This weekend I had the pleasure of watching the demo of What Hi-Fi? to be played on the last day of the Bristol Hi-Fi 2023 show.
And for those who missed it, what a demo it was. We pitted a Sony A95K QD OLED against a Sony A80K OLED in a head-to-head shootout that really showed the differences between the two TV panel technologies.
This is what I saw sitting in our demo room with a constant stream of attendees, repeatedly going through three different demos The batter, Pan And Top gun: Maverickeach designed to show how the panel technologies differ.
And besides feeling like I was stuck in a Groundhog Daystyle time loop, the experience eventually led to a major crystallization in my head – I’m really excited about the new Micro Lens Array (MLA) sets coming out later this year.
I can’t tell you exactly what cycle of the demo my epiphany happened in, only that it was sometime later in the day during Pan.
In the Pan segment, we went through three short scenes to show the difference in the shots from both sets. In the first, we stopped the player at the moment when a pirate ship sails through the sea on a sunny day. The second was when the same ship flew through the air. The third showed the sun rising over a mountainous island floating in the sky.
In each, the differences were evident day and night. Moving through the water, the ship’s sails looked great on both, but the QD-OLED had more vibrant reds and contrast. In the sky scene, the green glow of a rippling water bubble floating in the air was brighter and showed a wider bloom of colors running from white to green on the QD-OLED. But it was watching the sun rise behind the mountain in the third that really blew my mind.
On the OLED, the sun was almost entirely white, with a thin aura of orange and red surrounding it. But on the QD-OLED there was a whole range of colours, with a broad hue from orange to red around a fiery white centre, adding a layer of rich detail that was missing on the standard OLED.
The reason for this is simple: the QD-OLED panel. To update readers, the A95K and A80K are very similar sets in many ways, sharing the same processor, presets and screen options. We’ve chosen them because the only real difference screen-wise is that the A95K uses a Samsung-made QD OLED panel, while the A80K uses an LG OLED panel (technically a WOLED).
This one difference is big. By now, most people are aware of the main benefits of OLED and why OLEDs are so prevalent in our best TV guide. It creates photos by charging each pixel individually, so that one pixel can be black (uncharged) while the immediately adjacent pixel can be pure white or a color.
The downside is that OLED TVs can’t get as bright as the best LCD models, which charge the whole panel all the time. That’s why LG added an extra white pixel to the traditional RGB configuration to create the WOLED panels used in TVs today. But even with this, they still can’t match the 2000 nit brightness of a premium LCD panel. The Sony A80K has a maximum brightness of around 700 nits.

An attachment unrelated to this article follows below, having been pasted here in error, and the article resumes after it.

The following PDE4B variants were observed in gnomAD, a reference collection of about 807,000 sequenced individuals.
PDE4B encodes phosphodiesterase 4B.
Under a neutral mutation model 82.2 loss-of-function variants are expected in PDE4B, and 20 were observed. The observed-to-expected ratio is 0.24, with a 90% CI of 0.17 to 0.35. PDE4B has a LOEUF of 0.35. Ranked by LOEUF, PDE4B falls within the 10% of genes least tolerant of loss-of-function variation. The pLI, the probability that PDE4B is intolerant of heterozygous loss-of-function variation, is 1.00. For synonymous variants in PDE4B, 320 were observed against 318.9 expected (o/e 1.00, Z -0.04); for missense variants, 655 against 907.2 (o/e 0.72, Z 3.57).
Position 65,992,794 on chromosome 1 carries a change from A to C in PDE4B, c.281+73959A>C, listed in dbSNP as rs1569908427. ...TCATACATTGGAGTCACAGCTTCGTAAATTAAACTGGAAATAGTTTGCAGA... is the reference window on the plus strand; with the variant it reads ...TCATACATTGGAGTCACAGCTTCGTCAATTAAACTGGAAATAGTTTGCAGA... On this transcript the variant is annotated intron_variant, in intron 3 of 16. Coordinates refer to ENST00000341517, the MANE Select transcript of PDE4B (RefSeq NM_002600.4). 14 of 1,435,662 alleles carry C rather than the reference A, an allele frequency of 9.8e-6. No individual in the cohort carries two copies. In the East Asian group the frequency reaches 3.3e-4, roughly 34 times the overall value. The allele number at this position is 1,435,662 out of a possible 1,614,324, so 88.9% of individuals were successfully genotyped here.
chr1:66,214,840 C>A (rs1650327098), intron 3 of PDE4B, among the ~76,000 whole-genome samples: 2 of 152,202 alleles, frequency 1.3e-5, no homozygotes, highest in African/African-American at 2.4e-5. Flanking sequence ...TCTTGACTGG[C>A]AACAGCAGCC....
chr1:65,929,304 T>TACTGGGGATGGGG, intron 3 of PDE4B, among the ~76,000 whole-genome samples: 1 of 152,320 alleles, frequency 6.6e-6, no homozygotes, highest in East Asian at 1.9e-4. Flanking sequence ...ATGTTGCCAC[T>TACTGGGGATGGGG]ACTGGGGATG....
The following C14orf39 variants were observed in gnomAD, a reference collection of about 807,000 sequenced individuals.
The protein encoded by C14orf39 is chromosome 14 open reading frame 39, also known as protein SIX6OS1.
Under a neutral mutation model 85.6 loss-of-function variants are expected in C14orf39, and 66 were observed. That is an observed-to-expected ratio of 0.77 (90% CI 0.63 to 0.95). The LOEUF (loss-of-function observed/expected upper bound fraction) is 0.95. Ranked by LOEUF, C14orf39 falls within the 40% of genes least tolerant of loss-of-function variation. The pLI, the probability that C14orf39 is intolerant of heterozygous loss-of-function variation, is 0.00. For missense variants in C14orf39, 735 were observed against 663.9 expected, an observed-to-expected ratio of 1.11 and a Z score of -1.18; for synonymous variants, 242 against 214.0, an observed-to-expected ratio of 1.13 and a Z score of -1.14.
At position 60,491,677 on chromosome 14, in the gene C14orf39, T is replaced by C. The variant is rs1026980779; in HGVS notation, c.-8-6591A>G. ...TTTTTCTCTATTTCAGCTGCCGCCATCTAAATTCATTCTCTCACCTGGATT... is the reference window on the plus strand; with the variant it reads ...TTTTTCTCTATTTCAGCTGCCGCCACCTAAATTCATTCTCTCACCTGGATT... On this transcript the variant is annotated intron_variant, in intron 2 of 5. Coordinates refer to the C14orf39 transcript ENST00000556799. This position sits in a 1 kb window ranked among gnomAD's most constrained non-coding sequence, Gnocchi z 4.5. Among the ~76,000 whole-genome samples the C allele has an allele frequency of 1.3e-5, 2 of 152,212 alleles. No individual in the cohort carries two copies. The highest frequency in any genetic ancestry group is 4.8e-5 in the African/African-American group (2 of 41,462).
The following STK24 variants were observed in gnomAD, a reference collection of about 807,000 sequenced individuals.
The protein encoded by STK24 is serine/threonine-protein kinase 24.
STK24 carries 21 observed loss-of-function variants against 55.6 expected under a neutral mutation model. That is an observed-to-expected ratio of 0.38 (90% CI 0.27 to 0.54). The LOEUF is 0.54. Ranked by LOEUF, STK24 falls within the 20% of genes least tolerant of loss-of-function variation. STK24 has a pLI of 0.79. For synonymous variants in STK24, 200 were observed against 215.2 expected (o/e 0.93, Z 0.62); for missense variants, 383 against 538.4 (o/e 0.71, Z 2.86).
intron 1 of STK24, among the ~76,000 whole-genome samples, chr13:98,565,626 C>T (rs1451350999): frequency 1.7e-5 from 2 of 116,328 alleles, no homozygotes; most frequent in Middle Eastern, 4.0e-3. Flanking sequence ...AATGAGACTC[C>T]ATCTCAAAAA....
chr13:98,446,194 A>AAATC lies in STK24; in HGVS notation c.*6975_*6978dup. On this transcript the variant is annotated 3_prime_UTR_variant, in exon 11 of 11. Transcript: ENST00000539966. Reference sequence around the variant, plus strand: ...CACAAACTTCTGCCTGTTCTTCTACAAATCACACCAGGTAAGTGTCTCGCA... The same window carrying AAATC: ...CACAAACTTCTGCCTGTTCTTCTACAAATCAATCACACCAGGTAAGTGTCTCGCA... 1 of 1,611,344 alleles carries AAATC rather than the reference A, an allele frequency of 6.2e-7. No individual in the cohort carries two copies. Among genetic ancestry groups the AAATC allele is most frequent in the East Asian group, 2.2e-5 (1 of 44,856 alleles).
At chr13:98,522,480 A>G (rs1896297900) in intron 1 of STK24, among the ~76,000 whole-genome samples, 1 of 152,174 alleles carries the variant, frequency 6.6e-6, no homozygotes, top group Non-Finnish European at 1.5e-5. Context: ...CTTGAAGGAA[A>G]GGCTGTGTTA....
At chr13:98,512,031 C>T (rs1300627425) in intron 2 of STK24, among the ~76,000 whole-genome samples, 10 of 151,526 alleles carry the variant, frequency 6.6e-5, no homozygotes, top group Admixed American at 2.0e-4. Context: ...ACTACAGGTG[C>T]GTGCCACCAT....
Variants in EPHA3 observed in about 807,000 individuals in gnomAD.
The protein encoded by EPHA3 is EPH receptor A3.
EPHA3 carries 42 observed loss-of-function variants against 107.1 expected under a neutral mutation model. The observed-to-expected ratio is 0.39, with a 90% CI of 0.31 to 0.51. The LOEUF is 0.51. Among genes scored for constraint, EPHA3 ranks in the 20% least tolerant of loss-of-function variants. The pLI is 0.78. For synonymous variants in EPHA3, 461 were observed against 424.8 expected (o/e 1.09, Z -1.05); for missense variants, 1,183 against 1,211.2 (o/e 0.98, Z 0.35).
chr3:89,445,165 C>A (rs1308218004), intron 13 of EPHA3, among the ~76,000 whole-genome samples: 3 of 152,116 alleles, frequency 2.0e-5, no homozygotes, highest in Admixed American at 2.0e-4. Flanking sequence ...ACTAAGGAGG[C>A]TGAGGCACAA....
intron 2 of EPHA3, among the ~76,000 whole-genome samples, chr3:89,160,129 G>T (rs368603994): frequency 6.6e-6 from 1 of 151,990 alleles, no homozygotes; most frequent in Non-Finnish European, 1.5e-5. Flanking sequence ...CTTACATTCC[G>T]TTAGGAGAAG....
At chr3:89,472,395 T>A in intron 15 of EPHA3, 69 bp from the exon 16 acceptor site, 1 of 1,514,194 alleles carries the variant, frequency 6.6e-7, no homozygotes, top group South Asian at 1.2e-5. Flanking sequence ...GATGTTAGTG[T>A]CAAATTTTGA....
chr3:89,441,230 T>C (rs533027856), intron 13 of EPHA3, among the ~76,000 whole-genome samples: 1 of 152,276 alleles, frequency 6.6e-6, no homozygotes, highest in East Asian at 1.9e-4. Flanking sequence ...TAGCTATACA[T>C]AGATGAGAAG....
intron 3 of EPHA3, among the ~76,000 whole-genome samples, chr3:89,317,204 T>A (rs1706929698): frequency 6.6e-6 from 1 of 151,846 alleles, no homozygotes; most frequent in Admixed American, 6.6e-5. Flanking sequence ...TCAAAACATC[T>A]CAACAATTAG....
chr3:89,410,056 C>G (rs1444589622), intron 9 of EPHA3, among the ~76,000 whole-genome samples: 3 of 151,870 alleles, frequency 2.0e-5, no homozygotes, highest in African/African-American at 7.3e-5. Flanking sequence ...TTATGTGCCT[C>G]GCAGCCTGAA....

WOLED’s white pixel can also affect colors when playing high-brightness video, so the brightest areas of the image may appear a little paler than they should.
Built by Samsung, QD-OLED tries to overcome this by combining its Quantum Dot technology with OLED. It works by using the OLED to create the blue part of the RGB and Quantum Dots for the red and green. The end result is that the QD OLED panel on the A95K can reach a maximum brightness of around 1200 nits without the need for the extra white pixel.
The reason why this is important is particularly well illustrated by Pan, which is mastered at an amazing 4000 nits – well above what both sets can currently do. The lower maximum brightness of the OLED panel is why details in the bright spots, such as the sun, were missing – anything above 700 nits can only be white. There is no higher range it can go to. Of course, the TV adjusts the movie signal to meet the maximum brightness limitations (a common feature called Tone Mapping), but the fact remains that you don’t see the source material quite as intended.
Now you may be wondering why this reminded me of MLA. The answer is simple: the new TV technology can do even better. Unveiled at the Consumer Electronics Show (CES) in January, MLA will debut on some of this year’s new flagship TVs, including the Panasonic MZ2000 and LG G3.
You can get an in-depth look at what MLA is and how it works in our guide, but the shorthand version is that it’s a layer of microscopic lenses sitting on top of the OLED pixels. Early reports are that TVs with MLA boost should be able to achieve peak brightness figures in excess of 2000 nits – a figure that should make it at least competitive with current and possibly the second-generation QD-OLED panels available on new TVs like the Samsung S95C.
So, by the logic I developed during our Pan demo, any TV with MLA could theoretically show even more detail in bright scenes when running content higher than 1200 nits. While there isn’t a whole lot of content that meets this requirement just yet, I can’t help but be excited to see how it performs when we get the new sets in, having experienced the difference between QD-OLED and OLED on our Bristol Hi -Fi demo.
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